Three years into his presidency, Americans don’t approve of how Trump has handled various health care issues, and Americans trust Democrats much more on health care much more than they trust Republicans. These two data points help explain why the conventional wisdom from 2018 is that Democrats won on health care. So how are Democrats running for Senate in 2020 trying to repeat their previous success with their digital ads? And are Republicans trying to convey a health care message in their digital advertising at all?
Sara Gideon has spent over $500,000 on digital ads so far, and might hit $1M in a matter of weeks, but so far her campaign only seems to have run a handful of ads that talk specifically about health care. Her few ads highlight her trip to a town in Maine that doesn’t get a lot of visits from campaigns as part of her #SupperWithSara campaign.
Susan Collins’ ads primarily tend to be basic fundraising asks cushioned in bipartisan rhetoric, but she is one of the very few Senate Republicans that has run digital ads focusing on health care. Most recently, Collins’ campaign promoted a local earned media spot about issues with the Veterans Crisis Line. In another ad – just the one – in November of last year, her team advertised Collins’ prescription drug cost bill that became law in late 2018. It also looks like Collins may also be trying to own Congress’ emergency coronavirus package. 🤔
Cal Cunningham, fresh off a decisive primary victory in North Carolina on Tuesday, is already running donation ads on Facebook that focus on health care and feature his victory speech. And during the primary, Cunningham’s campaign tested tons of acquisition ads that hit Thom Tillis and Republicans over their attempts to take health care away from North Carolinians.
In Colorado, John Hickenlooper has been testing health care ads on Facebook for months. He’s run dozens of ads specifically on health care, likely because it’s one of the foundational issues of his campaign so far, alongside climate change and gun control. He seems to be echoing Bernie Sanders’ main talking point that health care is a right in some of his ads (Sanders did just win Colorado, after all), and is focusing on lower health care costs.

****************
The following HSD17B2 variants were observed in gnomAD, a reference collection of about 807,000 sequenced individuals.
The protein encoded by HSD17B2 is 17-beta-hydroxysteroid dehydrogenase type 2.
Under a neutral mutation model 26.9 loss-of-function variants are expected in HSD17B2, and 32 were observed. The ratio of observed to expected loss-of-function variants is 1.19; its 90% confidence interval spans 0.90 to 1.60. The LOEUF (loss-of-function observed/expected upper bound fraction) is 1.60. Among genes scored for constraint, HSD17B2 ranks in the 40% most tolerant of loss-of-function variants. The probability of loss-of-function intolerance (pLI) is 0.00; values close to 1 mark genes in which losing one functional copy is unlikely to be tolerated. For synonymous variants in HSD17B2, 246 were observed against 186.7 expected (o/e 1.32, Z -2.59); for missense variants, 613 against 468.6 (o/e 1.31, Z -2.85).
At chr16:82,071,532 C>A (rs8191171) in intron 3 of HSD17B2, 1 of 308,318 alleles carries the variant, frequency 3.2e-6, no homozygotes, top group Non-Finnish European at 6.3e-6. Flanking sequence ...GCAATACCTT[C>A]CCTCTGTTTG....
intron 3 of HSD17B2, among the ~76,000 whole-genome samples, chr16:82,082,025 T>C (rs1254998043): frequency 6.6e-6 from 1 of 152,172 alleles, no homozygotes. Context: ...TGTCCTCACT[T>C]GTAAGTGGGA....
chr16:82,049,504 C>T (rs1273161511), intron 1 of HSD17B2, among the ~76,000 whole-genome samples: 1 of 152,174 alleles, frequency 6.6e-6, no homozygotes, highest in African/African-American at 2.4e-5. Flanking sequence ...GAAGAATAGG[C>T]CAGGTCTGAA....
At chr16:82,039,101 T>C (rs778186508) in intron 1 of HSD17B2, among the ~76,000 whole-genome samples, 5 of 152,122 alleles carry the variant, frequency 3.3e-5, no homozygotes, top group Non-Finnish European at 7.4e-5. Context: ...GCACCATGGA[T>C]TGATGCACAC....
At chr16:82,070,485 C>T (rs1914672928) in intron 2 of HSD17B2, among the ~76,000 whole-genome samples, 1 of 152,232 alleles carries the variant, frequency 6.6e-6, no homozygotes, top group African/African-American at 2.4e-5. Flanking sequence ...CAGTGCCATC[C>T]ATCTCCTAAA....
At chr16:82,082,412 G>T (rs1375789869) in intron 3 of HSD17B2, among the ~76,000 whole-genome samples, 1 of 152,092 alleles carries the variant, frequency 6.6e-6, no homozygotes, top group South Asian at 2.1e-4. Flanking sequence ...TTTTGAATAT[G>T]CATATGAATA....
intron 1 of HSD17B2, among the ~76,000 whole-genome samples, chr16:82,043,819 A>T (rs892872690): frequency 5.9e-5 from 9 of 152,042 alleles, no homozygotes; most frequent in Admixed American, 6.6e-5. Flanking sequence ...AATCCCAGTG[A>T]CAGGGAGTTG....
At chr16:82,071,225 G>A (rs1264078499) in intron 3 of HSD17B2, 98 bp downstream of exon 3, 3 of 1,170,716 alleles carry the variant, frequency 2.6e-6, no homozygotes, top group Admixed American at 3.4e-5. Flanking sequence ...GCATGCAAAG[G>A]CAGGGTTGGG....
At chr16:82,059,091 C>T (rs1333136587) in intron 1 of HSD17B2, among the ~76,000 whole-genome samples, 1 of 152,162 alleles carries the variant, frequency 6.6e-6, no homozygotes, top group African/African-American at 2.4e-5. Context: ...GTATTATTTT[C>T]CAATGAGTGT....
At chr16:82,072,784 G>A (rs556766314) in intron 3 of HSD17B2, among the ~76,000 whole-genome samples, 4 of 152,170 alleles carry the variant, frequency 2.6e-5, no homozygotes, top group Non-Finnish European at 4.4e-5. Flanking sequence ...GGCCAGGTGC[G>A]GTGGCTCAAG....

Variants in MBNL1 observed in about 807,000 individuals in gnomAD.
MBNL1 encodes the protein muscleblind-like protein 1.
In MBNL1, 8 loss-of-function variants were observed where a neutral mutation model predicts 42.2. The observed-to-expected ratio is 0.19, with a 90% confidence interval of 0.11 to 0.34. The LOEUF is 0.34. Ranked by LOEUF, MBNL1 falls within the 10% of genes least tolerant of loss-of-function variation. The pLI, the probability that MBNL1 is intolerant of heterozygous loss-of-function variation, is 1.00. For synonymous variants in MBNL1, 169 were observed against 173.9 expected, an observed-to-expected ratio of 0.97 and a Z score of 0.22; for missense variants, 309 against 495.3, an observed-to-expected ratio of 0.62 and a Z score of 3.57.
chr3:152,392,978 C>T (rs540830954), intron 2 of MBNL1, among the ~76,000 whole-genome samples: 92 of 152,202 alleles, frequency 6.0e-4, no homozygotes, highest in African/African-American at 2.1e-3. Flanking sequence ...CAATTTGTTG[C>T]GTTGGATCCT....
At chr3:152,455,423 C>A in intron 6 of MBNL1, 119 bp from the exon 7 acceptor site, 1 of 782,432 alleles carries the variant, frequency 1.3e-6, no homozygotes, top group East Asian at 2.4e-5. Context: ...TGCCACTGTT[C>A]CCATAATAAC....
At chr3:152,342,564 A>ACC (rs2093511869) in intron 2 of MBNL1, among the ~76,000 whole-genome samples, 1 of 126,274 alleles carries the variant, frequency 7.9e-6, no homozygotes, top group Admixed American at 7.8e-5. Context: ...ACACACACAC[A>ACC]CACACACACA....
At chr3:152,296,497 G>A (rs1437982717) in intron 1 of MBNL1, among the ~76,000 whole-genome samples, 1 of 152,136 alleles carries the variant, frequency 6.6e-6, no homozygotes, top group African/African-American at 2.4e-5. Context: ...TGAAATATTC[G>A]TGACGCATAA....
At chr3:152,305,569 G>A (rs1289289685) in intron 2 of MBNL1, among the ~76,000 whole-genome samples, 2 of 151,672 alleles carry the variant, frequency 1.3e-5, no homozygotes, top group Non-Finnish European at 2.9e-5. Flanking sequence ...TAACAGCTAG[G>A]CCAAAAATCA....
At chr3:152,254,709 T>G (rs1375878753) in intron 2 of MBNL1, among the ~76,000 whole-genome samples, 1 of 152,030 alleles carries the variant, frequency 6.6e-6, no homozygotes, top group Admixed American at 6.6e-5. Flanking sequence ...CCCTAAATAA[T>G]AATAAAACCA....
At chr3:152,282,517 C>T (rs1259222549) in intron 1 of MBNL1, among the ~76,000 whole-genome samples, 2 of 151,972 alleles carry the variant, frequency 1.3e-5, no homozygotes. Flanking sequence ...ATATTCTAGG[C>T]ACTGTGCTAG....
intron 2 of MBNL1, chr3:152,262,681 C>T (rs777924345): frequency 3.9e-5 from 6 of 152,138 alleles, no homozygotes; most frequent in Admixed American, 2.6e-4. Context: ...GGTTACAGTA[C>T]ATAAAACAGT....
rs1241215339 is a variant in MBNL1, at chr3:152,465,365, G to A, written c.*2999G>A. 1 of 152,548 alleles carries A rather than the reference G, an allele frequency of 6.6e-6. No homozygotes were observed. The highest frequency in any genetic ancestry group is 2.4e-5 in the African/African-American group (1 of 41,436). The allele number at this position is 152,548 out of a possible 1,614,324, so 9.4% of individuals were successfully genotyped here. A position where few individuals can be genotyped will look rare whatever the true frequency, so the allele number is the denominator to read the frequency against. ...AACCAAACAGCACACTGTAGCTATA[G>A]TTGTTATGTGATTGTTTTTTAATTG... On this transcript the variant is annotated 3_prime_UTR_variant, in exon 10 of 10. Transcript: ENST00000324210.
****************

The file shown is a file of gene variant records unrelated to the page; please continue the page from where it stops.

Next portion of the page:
Mark Kelly in Arizona is one of the biggest online spenders and tests a lot of ads on Facebook, but he seems to primarily spend money online to make money online. It looks like his most recent ads that mention health care were in late January. The acquisition ads feature his wife, and focus on lowering the cost of prescription drugs. He’s also one of the only candidates we’ve seen that’s testing messaging about senior health care.
And finally, while Theresa Greenfield in Iowa hasn’t spent as much online compared to her Democratic colleagues, her campaign has still run plenty of digital ads about health care. She also seems to be one of the only Democratic candidates to talk about Roe v. Wade in her recent digital ads (the below ad was from January of this year). And unlike other Democratic candidates’ recent health care ads, Greenfield’s campaign seems to be unique in their approach of so prominently featuring her opponent’s record.
The DSCC has also been running Facebook ads on the issue, but they primarily seem to be running list building ads about some of the most vulnerable Republican incumbents this cycle. And as far as we can tell, the NRSC hasn’t run any ads that mention health care since July 2018…when they were advertising for then-Sen. Dean Heller.
That’s it for this week! Are there any digital health care ads you’ve seen that we missed? Have races or candidates you think we should watch? See ads or digital strategies that we should note? Send us an email! You can also check out our previous issues on our website, and be sure to click below to follow us on Twitter.